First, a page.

When: Where: CUDAN Open Lab (online)
The event is public via zoom: https://zoom.us/j/99209544202
Abstract – Saying nothing, saying plenty: On the role of silences in digital networks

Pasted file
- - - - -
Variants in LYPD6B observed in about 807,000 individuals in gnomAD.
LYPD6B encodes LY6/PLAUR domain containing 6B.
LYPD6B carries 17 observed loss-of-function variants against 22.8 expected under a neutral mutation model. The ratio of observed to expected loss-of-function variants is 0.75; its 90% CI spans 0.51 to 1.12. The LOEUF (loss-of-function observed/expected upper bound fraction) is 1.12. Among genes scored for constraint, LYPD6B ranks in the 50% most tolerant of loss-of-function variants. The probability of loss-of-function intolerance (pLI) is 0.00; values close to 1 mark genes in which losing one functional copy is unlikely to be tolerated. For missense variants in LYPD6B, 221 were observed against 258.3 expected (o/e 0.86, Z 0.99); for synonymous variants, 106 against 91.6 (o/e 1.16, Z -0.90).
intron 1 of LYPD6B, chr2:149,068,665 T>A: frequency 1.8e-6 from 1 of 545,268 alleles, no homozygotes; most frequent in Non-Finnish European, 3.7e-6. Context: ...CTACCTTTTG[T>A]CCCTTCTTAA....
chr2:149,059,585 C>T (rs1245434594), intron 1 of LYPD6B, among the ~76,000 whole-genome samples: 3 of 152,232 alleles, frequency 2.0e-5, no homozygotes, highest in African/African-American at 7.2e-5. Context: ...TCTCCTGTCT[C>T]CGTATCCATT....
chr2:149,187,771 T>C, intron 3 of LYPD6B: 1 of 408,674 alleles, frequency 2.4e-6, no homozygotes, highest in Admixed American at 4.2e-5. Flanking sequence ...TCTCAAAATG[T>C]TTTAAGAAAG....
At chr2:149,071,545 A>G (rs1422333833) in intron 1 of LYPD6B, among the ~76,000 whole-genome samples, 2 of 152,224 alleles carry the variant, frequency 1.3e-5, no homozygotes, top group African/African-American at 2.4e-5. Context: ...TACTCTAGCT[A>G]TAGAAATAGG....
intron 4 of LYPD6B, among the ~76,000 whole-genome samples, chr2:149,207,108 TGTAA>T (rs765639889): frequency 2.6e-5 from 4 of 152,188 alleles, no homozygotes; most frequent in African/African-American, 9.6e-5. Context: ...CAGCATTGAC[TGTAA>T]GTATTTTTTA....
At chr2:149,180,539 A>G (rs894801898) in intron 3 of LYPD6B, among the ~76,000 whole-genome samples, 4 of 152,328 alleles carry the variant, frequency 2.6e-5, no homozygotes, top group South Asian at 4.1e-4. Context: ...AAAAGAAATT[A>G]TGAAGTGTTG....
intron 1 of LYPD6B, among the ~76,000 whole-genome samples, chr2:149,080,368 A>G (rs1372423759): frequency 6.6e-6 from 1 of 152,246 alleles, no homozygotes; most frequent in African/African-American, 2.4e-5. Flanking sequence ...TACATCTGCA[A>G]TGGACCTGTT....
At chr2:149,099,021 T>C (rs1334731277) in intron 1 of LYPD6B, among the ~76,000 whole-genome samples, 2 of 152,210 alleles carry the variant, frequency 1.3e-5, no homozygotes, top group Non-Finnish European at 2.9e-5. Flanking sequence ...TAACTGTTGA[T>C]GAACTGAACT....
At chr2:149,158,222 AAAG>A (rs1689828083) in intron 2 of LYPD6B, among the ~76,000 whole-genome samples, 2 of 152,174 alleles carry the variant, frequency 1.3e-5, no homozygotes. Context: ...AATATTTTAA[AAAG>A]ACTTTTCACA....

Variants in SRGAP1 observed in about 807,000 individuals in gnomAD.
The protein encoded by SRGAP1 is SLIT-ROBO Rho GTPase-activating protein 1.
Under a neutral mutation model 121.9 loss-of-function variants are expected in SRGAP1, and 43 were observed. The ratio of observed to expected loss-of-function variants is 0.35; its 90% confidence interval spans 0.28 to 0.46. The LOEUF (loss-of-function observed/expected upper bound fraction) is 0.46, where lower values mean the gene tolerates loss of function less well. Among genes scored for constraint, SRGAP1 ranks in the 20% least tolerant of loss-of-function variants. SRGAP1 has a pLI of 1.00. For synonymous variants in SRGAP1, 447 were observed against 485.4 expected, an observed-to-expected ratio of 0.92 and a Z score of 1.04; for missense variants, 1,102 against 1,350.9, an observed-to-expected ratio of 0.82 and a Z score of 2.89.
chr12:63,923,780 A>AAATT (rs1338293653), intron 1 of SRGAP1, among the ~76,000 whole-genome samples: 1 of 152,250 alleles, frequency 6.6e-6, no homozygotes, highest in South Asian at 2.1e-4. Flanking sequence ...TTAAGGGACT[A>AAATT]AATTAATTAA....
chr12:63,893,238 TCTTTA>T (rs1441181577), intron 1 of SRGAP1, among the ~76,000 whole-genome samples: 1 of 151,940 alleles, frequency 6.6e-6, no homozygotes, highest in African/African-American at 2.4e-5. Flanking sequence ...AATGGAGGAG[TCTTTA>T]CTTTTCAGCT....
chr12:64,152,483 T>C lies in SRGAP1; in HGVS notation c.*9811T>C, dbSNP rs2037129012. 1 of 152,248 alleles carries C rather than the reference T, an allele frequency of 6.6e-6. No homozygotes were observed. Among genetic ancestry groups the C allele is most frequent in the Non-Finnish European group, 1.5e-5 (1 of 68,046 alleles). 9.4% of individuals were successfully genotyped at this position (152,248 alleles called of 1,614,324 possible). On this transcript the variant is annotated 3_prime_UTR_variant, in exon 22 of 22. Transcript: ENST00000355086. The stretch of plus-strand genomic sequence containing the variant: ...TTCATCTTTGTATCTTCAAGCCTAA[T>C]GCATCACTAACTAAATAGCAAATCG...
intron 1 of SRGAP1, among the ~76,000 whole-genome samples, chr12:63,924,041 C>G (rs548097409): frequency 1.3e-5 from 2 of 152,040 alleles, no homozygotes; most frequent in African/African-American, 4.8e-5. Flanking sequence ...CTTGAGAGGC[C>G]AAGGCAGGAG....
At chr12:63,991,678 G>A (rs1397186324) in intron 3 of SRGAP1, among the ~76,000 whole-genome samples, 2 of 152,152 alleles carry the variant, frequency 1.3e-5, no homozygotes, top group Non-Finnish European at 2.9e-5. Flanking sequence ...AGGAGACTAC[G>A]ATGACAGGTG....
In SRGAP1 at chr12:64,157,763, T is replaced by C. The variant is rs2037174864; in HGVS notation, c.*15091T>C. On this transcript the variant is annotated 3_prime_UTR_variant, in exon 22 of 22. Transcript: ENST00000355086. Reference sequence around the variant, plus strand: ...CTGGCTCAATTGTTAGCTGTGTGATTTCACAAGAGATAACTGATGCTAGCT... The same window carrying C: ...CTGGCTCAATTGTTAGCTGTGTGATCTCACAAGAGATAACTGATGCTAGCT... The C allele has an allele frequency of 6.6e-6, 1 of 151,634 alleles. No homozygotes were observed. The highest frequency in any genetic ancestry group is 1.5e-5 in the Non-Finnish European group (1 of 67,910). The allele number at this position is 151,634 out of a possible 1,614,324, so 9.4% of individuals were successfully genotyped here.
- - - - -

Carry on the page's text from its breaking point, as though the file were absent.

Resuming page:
At the centre of (deliberate) democratic theory lies a fundamental belief in the power of speech as the modus operandi of democratic life. Rather than measuring a well-functioning democracy through active participation and vocal citizenship, this talk shifts the attention to the significance of silence as an alternative for thinking about the boundaries and limits of participation and engagement. As Susan Sonntag (1967/2002) famously put it, far from empty, or incommunicative, silence speaks, sounds, shows and supports. In Samuel Beckett’s theatre of absurd, which is often taken as an example of the communicative silence that nothingness provokes, the things that are not said, known or heard, often say more than that which is present. Building on the aesthetics of silence (Ranciere, 2004; Sontag, 2002), ‘negative’ (political) sociology (Esposito, 2020; Illouz, 2019) and critical digital media studies (Chun, 2021, Singh, 2020) this lecture asks what the place and function of negative communication is in a networked media environment built on values of vocal citizenship and participation. Through algorithmic logics of elevation, software delays and lurking behaviors, this talk makes a case for seeing silence not as a sign of numbness, but as carrying the potentials for resisting the urge to add even more speech under libertarian and capitalist systems that demand otherwise. In a world that not just valorizes speech, but also hinges on it, and ultimately demands speech, what the gesture of silence makes visible, particularly in the digital context of data accumulation, is not necessarily meaning, but communicability.